- Premier League
Gold defends Allardyce's style
West Ham chairman David Gold believes Sam Allardyce does not receive the respect his achievements merit and has hit back at critics of the manager's tactics.
Speaking to ESPN, Gold claimed that Allardyce remains a victim of an unfair perception of his football philosophy that developed in the formative stages of his coaching career.
He also revealed that the former Bolton and Newcastle manager has been tasked with securing a series of top-ten finishes before the Hammers leave Upton Park for the Olympic Stadium in 2016.
"Sam could not be described as a pussy cat or a cute panda, someone you might want to pick up and give a big cuddle to and that is why he may be hard to love, but you cannot question the job he has done at West Ham," Gold told ESPN.
"He still gets criticism for the style of football he promotes, but I believe that is because he got a reputation for playing long-ball football a long time ago and that has been hard for him to kick.
"Before we appointed him at West Ham, I looked at hours of DVDs from his teams down the years and I honestly did not see the trademarks of a [long] ball manager at work. However, people still say 'Oh, it's a Sam Allardyce team, they must hit it long'.
"Does a Sam Allardyce team play a more direct style than Barcelona? Yes they do, but that is true of a majority of teams all over the world.
"You will get the purists like Roberto Martinez and Arsene Wenger, who will go to their grave telling their teams to pass the ball, but they are in the minority.
"The vast majority of teams playing this game belt the ball into the box quickly and if they need a goal in the final five minutes of a game, they will go for the long ball option. This is not to be frowned upon, but unfortunately Sam gets criticised for that more than most.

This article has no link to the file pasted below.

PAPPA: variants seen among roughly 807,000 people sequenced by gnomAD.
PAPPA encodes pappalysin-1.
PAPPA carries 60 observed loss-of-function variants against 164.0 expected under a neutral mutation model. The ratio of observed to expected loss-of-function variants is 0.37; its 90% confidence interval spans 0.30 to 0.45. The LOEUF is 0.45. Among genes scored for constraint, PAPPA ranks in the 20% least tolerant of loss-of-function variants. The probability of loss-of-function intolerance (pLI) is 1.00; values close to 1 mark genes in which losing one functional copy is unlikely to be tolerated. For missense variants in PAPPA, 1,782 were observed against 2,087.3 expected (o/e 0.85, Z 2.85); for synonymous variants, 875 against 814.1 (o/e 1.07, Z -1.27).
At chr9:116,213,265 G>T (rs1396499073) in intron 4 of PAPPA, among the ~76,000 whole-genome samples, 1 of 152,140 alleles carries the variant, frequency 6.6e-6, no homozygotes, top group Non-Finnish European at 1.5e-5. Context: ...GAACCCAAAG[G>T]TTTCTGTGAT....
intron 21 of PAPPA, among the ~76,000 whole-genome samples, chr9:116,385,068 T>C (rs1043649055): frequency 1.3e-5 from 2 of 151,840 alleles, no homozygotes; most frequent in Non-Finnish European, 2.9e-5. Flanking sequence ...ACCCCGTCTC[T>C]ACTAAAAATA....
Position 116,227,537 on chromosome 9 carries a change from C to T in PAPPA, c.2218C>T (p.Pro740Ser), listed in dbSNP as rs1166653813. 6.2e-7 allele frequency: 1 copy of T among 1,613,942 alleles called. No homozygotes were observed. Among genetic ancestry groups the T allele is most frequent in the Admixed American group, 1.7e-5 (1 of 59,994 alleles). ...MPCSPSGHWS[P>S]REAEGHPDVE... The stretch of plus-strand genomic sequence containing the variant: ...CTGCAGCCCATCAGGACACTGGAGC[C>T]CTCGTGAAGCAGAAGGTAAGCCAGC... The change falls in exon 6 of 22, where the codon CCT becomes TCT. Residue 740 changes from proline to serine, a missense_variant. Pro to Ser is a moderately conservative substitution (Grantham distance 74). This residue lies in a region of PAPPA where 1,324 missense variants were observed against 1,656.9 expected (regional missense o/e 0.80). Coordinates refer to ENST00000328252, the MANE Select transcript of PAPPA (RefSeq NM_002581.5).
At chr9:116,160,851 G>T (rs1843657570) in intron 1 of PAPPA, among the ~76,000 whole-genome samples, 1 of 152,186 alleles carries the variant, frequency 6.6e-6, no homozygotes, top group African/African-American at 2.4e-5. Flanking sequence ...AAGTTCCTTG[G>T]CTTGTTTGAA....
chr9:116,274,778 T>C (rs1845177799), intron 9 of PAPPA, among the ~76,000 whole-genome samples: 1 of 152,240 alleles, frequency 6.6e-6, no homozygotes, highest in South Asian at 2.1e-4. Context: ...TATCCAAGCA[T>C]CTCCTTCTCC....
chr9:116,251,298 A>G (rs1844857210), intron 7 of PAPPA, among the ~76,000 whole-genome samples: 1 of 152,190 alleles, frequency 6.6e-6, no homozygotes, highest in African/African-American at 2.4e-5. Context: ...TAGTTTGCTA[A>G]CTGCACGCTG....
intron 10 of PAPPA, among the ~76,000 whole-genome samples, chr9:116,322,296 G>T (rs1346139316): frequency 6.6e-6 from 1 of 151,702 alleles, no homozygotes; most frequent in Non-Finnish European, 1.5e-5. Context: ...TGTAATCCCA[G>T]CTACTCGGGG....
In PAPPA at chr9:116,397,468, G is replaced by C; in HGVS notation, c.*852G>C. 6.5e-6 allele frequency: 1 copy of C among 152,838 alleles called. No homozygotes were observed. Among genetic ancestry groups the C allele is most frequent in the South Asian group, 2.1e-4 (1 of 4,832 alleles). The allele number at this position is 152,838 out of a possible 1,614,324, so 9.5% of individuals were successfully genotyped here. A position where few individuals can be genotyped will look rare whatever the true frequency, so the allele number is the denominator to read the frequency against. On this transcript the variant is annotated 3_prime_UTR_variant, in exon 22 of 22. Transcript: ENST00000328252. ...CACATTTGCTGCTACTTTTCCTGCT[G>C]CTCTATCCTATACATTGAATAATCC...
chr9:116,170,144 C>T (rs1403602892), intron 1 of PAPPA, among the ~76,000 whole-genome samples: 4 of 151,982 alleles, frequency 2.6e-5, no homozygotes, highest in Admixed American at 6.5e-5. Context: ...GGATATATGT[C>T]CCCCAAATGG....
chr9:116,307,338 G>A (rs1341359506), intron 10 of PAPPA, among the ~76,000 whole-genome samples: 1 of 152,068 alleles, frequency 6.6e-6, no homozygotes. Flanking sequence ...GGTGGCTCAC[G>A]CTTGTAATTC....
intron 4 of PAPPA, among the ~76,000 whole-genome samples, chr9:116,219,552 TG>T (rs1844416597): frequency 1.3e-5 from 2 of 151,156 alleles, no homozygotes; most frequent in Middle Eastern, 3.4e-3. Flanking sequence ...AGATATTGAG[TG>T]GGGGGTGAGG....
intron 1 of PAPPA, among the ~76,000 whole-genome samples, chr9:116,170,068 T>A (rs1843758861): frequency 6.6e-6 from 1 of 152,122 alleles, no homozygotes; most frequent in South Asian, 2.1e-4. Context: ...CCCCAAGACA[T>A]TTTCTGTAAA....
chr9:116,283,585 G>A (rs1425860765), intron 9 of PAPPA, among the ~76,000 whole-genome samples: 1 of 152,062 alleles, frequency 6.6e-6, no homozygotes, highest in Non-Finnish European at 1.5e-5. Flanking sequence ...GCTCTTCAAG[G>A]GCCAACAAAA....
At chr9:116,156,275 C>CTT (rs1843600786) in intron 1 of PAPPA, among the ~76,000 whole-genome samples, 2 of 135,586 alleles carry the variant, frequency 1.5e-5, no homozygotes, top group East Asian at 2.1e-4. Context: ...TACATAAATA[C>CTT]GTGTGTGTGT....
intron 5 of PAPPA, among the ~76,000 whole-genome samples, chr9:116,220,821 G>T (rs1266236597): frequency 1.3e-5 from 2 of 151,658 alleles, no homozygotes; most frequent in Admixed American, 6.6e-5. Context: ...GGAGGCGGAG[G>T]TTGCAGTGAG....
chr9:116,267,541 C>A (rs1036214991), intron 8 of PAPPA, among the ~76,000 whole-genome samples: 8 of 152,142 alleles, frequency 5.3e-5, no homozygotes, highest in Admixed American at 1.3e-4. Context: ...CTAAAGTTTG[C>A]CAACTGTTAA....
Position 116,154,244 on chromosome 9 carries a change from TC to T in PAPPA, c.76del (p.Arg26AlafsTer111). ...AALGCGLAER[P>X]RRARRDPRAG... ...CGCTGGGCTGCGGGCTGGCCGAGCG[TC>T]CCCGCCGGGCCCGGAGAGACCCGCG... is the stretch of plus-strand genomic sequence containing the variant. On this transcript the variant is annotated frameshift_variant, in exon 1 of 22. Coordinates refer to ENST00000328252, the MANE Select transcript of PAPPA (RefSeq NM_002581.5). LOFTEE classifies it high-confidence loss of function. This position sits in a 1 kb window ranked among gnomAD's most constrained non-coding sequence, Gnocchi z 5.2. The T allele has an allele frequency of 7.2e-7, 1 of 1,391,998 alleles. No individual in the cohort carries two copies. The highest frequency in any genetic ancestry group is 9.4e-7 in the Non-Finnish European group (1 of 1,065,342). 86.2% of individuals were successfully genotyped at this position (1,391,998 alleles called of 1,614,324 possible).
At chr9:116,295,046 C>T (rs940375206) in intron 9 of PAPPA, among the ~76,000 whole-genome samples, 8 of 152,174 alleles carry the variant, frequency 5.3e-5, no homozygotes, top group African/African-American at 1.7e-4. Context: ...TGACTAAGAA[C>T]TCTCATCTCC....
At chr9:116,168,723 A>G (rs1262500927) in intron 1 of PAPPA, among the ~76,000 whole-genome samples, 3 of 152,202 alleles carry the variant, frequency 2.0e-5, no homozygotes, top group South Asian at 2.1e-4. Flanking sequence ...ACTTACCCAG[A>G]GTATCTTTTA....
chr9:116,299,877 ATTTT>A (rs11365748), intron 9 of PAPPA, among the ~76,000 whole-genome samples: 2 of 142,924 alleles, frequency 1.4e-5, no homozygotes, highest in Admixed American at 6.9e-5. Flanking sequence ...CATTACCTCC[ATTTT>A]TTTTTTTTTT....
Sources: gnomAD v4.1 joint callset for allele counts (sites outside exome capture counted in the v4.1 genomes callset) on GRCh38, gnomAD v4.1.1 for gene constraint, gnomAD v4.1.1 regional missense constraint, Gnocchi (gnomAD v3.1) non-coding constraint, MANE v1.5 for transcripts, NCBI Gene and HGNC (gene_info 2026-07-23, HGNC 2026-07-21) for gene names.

"All I can say is I have seen a lot of football at Upton Park in my lifetime and some of the best and most exciting football I've ever witnessed has been played over the last couple of seasons, from a Sam Allardyce team. I'm sure many West Ham fans will agree with me on that."
Gold and his fellow West Ham chairman David Sullivan are setting their sights high as they prepare to move the club to Stratford in 2016, with Allardyce now very much a part of their long-term plans.
"We gave Sam two tasks when we hired him a couple of years ago and he has succeeded on both of those impressively," Gold added. "One was to get us back into the Premier League and he did that, even if it was by the skin of our teeth.
"His second task was to keep us in the Premier League and he did that with some comfort last season by securing us a tenth-placed finish, which was a fine achievement for a team that had been promoted the year before.
"Now we want to build on that and become an established Premier League side by the time we get to the iconic Olympic Stadium in three years' time. That means top-half finishes in the table for the next two years and then we will look to kick on from there."